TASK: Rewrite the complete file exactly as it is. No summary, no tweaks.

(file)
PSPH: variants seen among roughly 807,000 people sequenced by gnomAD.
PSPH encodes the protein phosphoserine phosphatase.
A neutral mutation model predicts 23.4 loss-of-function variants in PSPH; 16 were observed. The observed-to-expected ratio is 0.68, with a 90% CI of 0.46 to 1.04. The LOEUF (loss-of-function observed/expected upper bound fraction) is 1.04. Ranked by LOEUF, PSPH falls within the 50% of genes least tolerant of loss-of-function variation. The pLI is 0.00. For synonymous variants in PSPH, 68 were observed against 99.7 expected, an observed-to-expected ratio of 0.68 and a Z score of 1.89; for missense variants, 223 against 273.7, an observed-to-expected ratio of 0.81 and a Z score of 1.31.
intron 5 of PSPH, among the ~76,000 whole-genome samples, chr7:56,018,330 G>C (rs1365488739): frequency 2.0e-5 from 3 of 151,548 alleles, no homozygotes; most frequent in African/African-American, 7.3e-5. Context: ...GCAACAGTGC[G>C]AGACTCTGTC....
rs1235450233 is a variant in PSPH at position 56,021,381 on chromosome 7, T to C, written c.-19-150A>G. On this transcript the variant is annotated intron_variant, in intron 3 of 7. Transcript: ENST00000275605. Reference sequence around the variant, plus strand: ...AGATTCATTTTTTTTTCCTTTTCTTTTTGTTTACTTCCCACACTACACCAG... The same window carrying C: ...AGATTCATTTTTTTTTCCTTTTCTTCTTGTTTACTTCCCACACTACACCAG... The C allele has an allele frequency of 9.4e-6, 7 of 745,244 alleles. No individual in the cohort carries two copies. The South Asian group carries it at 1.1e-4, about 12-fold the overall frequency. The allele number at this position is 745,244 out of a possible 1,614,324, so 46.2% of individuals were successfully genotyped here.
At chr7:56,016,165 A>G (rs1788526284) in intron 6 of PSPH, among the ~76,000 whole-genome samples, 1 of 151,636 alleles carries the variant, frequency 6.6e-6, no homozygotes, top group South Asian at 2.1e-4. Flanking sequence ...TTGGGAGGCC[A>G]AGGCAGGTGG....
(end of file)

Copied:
PSPH: variants seen among roughly 807,000 people sequenced by gnomAD.
PSPH encodes the protein phosphoserine phosphatase.
A neutral mutation model predicts 23.4 loss-of-function variants in PSPH; 16 were observed. The observed-to-expected ratio is 0.68, with a 90% CI of 0.46 to 1.04. The LOEUF (loss-of-function observed/expected upper bound fraction) is 1.04. Ranked by LOEUF, PSPH falls within the 50% of genes least tolerant of loss-of-function variation. The pLI is 0.00. For synonymous variants in PSPH, 68 were observed against 99.7 expected, an observed-to-expected ratio of 0.68 and a Z score of 1.89; for missense variants, 223 against 273.7, an observed-to-expected ratio of 0.81 and a Z score of 1.31.
intron 5 of PSPH, among the ~76,000 whole-genome samples, chr7:56,018,330 G>C (rs1365488739): frequency 2.0e-5 from 3 of 151,548 alleles, no homozygotes; most frequent in African/African-American, 7.3e-5. Context: ...GCAACAGTGC[G>C]AGACTCTGTC....
rs1235450233 is a variant in PSPH at position 56,021,381 on chromosome 7, T to C, written c.-19-150A>G. On this transcript the variant is annotated intron_variant, in intron 3 of 7. Transcript: ENST00000275605. Reference sequence around the variant, plus strand: ...AGATTCATTTTTTTTTCCTTTTCTTTTTGTTTACTTCCCACACTACACCAG... The same window carrying C: ...AGATTCATTTTTTTTTCCTTTTCTTCTTGTTTACTTCCCACACTACACCAG... The C allele has an allele frequency of 9.4e-6, 7 of 745,244 alleles. No individual in the cohort carries two copies. The South Asian group carries it at 1.1e-4, about 12-fold the overall frequency. The allele number at this position is 745,244 out of a possible 1,614,324, so 46.2% of individuals were successfully genotyped here.
At chr7:56,016,165 A>G (rs1788526284) in intron 6 of PSPH, among the ~76,000 whole-genome samples, 1 of 151,636 alleles carries the variant, frequency 6.6e-6, no homozygotes, top group South Asian at 2.1e-4. Flanking sequence ...TTGGGAGGCC[A>G]AGGCAGGTGG....